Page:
You may have grounds to pursue a claim for carpal tunnel syndrome compensation. Any claim would need to be made within 3 years of the date that you became aware (or should have been aware) that the symptoms could be work related. If you are inside this 3 year period, please contact us so that our specialist Solicitors can advise you further. If your symptoms developed over 3 years ago, you will be statute barred and unable to take action.

To answer your 2nd point about benefits and settlement having an impact on the same, it will depend on what benefits you receive and whether they are means tested. Means tested benefits could be impacted by a settlement if the value exceeds certain thresholds. However, our Solicitors are aware of this and can assist with legal and legitimate ways to ensure that any settlement will not impact any benefits entitlement that you currently have.


In May 2021 I started employment in a well known warehouse packing. In Nov that year I was working compulsory overtime doing 6 days a week and started to get carpal tunnel syndrome symptoms. I was left unable to sleep & constantly in pain. I mentioned every day to my manager about occupational health and nothing was done even though I went to my own doctor and physio and told him they diagnosed me with carpal tunnel from the job I was doing. After Christmas was forced to take time off sick. I returned after 2 weeks off and on the day I returned my managers referred me to see occupational health. Occupational health recommended that I rotate jobs and have micro breaks.

We are set targets of how much we must pack each hour. 8 months later, after a number of physio appointments I was referred to rheumatology at my hospital due to swelling etc. They diagnosed again carpal tunnel. I had already dropped my hours down to 3 days a week rather than 5 by this point. I couldn’t manage a couple of hours without being in agony, so I went off sick again in Sept 2022.

I have been on continuous sick leave ever since and have had tests conducted and I am awaiting another appointment next month to hopefully be given dates for carpal tunnel surgery. I have had numerous meetings with work who have given me letters of concern even though its been a continuous sickness. They wanted me to go back to work and have had occupational health contact me again. Occupational health have said no return until treatment has been carried out.

My original manager who was negligent in the handling of this was forced to resign and as far as I am aware this hasn’t been noted that I received these injuries from the job. Where do stand in terms of a claim?

Ian Morris

It would appear that your employer was negligent – both in the managers initial failure to refer you to occupational health when you first reported pain and also in failing to follow occupational health advice regarding micro breaks and job rotations after you had been absent for a period of sick leave. As such, we think our specialist Solicitors will be keen to further discuss your potential claim with you.

If you are going to make a claim for carpal tunnel syndrome compensation, you do need to get moving on this urgently. Claimants have a period of 3 years in which they can seek to make a claim, but in this case, your 3 year period will start when you knew (or should have known) that your symptoms were work related. As you started with the company in May 2021, your 3 year period will commence at some point between that date and the November of that year. Meaning that your claim limitation is likely to expire sometime between May & November 2024. Although there seems to be plenty of time left, it would be sensible to make further enquiries on this potential claim as soon as possible to ensure that a robust case can be made on your behalf.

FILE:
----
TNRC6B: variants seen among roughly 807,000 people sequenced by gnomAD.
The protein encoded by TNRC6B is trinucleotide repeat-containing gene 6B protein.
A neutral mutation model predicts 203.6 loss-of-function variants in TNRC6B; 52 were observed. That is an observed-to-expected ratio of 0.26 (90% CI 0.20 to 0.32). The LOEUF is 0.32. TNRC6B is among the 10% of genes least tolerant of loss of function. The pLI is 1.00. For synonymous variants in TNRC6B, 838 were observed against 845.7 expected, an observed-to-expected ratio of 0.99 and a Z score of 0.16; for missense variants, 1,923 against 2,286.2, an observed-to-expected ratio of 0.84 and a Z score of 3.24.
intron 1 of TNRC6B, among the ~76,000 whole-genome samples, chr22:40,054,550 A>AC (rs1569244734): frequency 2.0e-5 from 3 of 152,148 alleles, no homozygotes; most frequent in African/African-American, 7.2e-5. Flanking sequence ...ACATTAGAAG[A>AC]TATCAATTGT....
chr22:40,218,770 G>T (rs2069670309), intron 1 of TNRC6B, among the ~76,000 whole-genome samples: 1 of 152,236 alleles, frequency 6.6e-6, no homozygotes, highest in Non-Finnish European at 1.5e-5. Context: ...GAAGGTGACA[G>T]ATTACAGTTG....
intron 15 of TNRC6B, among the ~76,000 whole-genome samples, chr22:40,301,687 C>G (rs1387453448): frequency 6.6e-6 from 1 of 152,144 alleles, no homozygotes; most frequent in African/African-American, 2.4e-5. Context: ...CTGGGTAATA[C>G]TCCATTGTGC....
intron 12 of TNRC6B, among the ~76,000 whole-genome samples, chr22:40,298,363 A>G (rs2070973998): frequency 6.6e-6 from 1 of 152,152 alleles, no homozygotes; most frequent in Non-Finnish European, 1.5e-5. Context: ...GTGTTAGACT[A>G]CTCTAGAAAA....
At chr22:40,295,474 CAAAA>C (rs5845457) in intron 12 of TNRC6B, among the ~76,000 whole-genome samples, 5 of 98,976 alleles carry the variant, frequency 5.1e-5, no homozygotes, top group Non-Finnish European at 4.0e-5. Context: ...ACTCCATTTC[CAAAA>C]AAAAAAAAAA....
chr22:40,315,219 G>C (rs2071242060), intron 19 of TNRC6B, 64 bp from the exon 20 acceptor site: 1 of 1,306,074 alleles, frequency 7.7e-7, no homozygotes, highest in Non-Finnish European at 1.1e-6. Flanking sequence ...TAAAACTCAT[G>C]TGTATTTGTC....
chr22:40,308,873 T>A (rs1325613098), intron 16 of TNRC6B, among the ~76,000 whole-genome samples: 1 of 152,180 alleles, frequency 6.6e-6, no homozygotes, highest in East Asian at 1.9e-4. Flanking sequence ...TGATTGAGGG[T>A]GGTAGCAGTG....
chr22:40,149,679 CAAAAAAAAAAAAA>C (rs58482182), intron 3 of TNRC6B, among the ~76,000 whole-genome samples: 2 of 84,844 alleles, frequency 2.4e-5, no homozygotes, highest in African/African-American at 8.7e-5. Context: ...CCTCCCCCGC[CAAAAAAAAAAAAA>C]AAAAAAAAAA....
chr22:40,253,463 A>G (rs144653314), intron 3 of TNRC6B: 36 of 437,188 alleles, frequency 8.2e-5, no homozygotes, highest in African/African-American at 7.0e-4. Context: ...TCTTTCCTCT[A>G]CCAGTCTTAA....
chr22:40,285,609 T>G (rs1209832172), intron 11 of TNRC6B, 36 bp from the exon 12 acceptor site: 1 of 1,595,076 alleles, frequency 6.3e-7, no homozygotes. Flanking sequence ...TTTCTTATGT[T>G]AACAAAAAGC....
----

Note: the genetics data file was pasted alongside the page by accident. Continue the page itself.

If you would like our specialist Solicitors to advise you and potentially pursue your No Win No Fee carpal tunnel syndrome compensation claim, please provide further details via our website to start your claim and we’ll then be able to get our specialist Solicitors on to this for you.


Hello, this is just to see if I could claim compensation, i have worked in the motor trade for over 20 years, use handheld air tools and just had surgery for carpel tunnel syndrome.

Ian Morris

Please call us on 01225430285 or use our website to request a call from us, as it would appear that you may well be able to make a No Win No Fee claim for carpal tunnel syndrome compensation. Our team will run through a few quick questions with you to find out about your work and when your symptoms started. We’ll then submit your claim enquiry to our specialist Solicitors for detailed consideration.


I went for nerve conduction tests August 2022 and was diagnosed with Carpel tunnel, I have since had surgery to help with this ,I worked in a supermarket where my job was very heavy involving lifting things such as Dinner sets, pots pans ,boxes of candles ,microwaves TV,s ,working on the news and magazines, fresh departments, every day involved pulling heavy role cages ,while off recovering I made the decision to leave this type of employment so as not to damage the work that had been done to repair my hand ,do you think I have a claim ,my employers knew I was going off for surgery for Carpel tunnel.

Ian Morris

It would appear that there is every possibility that a causal link between the work you were doing and the onset of the carpal tunnel syndrome issues that you have since had surgery for. As such, you have a right to pursue a claim for compensation for the pain, distress and disadvantage caused to you by the carpal tunnel syndrome.

Please contact us on 01225430285 or use our website form to make further enquiries. Our Solicitors can then consider the specific details of your situation and pursue a claim for you on a No Win No Fee basis.